R. Alleluia, alleluia.
The word of the Lord remains forever.
This is the word that has been proclaimed to you.
R. Alleluia, alleluia.

Gospel: If Only You Had Faith!
Jesus wants his disciples to have absolute faith in God. And yet, even a life full of faith does not entitle us to privileges, for faith is a gift from God.

Gospel: Luke 17:5-10
The apostles said to the Lord, “Increase our faith.” The Lord replied, “If you have faith the size of a mustard seed, you would say to this mulberry tree, ‘Be uprooted and planted in the sea,’ and it would obey you. “Who among you would say to your servant who has just come in from plowing or tending sheep in the field, ‘Come here immediately and take your place at table’? Would he not rather say to him, ‘Prepare something for me to eat. Put on your apron and wait on me while I eat and drink. You may eat and drink when I am finished’? Is he grateful to that servant because he did what was commanded? So should it be with you. When you have done all you have been commanded, say, ‘We are unprofitable servants; we have done what we were obliged to do.'”

Commentary
One day a group of elderly Jewish women were talking about the catastrophes and evils of the world and, after a long litany of problems and conflicts, one of them exclaimed: “It makes you wonder who is in charge.” Facing evil and sorrow in the world always raises such questions. It is the same question that the prophet poses in the first reading and a question we often ask ourselves: “Why does God allow such bad things to happen in the world? Is so much pain God’s will?”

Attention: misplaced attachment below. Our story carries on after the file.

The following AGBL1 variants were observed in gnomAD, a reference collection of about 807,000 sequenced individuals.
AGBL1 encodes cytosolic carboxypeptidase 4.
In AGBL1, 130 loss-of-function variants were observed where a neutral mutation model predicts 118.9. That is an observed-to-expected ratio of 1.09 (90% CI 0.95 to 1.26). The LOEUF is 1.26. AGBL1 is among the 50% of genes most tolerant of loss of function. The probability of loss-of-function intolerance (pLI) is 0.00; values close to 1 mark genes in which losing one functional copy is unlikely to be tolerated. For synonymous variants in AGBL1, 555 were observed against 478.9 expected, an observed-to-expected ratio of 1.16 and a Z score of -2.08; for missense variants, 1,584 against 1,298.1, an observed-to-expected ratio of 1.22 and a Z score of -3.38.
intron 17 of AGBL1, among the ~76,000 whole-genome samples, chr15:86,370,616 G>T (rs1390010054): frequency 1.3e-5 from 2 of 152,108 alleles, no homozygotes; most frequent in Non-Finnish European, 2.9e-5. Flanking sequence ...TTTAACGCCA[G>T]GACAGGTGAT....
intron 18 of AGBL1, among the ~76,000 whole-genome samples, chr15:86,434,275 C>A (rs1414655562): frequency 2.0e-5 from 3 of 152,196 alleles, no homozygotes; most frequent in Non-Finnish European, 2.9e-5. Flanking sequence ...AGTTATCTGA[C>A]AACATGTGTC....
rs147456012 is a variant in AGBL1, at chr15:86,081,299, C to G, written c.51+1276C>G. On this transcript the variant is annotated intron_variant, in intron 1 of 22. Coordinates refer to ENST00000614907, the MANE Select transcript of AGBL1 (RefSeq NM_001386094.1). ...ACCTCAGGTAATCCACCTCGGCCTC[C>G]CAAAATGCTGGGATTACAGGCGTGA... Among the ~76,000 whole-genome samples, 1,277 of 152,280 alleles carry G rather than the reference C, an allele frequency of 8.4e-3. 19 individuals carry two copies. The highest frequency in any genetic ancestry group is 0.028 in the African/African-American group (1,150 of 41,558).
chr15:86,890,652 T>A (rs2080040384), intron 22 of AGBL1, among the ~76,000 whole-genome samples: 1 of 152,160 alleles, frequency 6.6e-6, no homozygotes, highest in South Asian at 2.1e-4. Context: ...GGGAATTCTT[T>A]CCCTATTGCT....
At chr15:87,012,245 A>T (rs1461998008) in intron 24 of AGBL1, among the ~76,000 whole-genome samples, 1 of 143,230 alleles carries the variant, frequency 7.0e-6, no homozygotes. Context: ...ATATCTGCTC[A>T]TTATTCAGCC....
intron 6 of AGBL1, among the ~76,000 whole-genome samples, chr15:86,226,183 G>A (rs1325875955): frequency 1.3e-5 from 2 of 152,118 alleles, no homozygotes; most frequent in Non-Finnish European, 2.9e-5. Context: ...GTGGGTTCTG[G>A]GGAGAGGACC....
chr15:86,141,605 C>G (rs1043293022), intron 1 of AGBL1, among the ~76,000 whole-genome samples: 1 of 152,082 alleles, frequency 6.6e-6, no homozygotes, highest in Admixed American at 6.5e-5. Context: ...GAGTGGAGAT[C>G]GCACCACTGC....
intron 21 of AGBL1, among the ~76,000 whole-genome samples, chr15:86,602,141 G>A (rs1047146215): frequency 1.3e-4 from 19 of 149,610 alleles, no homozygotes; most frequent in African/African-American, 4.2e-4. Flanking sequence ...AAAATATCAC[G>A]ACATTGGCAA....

On the other hand, and particularly in this individualistic society, we consider things are acquired through our own merit and actions. Sometimes people think they can even avoid death forever by taking the necessary precautions, exercising, and eating healthy.
In both cases—whether we give God full responsibility for everything that happens or consider that we are in complete control—we are denying true faith. Faith asks for great trust, without fears or anxiety.
Faith demands that we allow God to be God, while working to turn this world into what He desires. That is, we are asked to have attitudes and actions in accordance with the call we received. It means working as if everything depended on us and praying although we know perfectly well that everything depends on God. We cannot blame God for things that are the fault of people’s actions or their lack of action, nor can we think that by our own efforts we will turn things around. We need to work and trust, often not seeing the final result, but grounding ourselves firmly in God’s promises.
The words of Jesus, which state that once we have done everything in our power, we must say “we are but worthless servants,” are not trying to say Christians should have low self-esteem, but to recognize that all control and grace come from God. We act in faith according to the promise and we know that faith can move mountains.

Blessing
The Eucharist has been an occasion
to strengthen our faith in the Lord’s presence.
It is perhaps good that at times
our faith is tried and tested
through difficulties and questions,
so as not to become complacent.
May such occasions be for us
opportunities to place all our trust
in the love and concern of God.
May almighty God bless you,
the Father, and the Son, and the Holy Spirit. R/ Amen.
Go in peace and take the Lord with you
in all you do. R/ Thanks be to God.